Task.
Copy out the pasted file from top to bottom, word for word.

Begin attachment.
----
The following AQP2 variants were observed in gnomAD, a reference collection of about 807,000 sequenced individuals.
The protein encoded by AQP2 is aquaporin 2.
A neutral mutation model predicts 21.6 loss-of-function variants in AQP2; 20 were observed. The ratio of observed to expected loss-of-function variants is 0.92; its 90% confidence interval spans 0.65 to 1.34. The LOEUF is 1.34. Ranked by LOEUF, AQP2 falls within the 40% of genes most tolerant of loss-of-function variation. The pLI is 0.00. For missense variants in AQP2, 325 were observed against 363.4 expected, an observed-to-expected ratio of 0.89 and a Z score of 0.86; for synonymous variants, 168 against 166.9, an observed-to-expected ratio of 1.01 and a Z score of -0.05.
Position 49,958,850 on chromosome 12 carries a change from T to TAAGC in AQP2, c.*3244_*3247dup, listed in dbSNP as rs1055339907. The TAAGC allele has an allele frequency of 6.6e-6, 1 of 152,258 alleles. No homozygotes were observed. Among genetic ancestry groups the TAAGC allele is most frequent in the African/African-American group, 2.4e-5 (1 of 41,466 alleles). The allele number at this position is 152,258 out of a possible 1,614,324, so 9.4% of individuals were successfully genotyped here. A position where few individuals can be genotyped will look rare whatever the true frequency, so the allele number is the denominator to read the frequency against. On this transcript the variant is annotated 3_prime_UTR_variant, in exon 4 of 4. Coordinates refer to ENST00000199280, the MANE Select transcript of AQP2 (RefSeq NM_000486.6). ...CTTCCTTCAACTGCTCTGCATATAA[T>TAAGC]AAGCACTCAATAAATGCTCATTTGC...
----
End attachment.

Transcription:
The following AQP2 variants were observed in gnomAD, a reference collection of about 807,000 sequenced individuals.
The protein encoded by AQP2 is aquaporin 2.
A neutral mutation model predicts 21.6 loss-of-function variants in AQP2; 20 were observed. The ratio of observed to expected loss-of-function variants is 0.92; its 90% confidence interval spans 0.65 to 1.34. The LOEUF is 1.34. Ranked by LOEUF, AQP2 falls within the 40% of genes most tolerant of loss-of-function variation. The pLI is 0.00. For missense variants in AQP2, 325 were observed against 363.4 expected, an observed-to-expected ratio of 0.89 and a Z score of 0.86; for synonymous variants, 168 against 166.9, an observed-to-expected ratio of 1.01 and a Z score of -0.05.
Position 49,958,850 on chromosome 12 carries a change from T to TAAGC in AQP2, c.*3244_*3247dup, listed in dbSNP as rs1055339907. The TAAGC allele has an allele frequency of 6.6e-6, 1 of 152,258 alleles. No homozygotes were observed. Among genetic ancestry groups the TAAGC allele is most frequent in the African/African-American group, 2.4e-5 (1 of 41,466 alleles). The allele number at this position is 152,258 out of a possible 1,614,324, so 9.4% of individuals were successfully genotyped here. A position where few individuals can be genotyped will look rare whatever the true frequency, so the allele number is the denominator to read the frequency against. On this transcript the variant is annotated 3_prime_UTR_variant, in exon 4 of 4. Coordinates refer to ENST00000199280, the MANE Select transcript of AQP2 (RefSeq NM_000486.6). ...CTTCCTTCAACTGCTCTGCATATAA[T>TAAGC]AAGCACTCAATAAATGCTCATTTGC...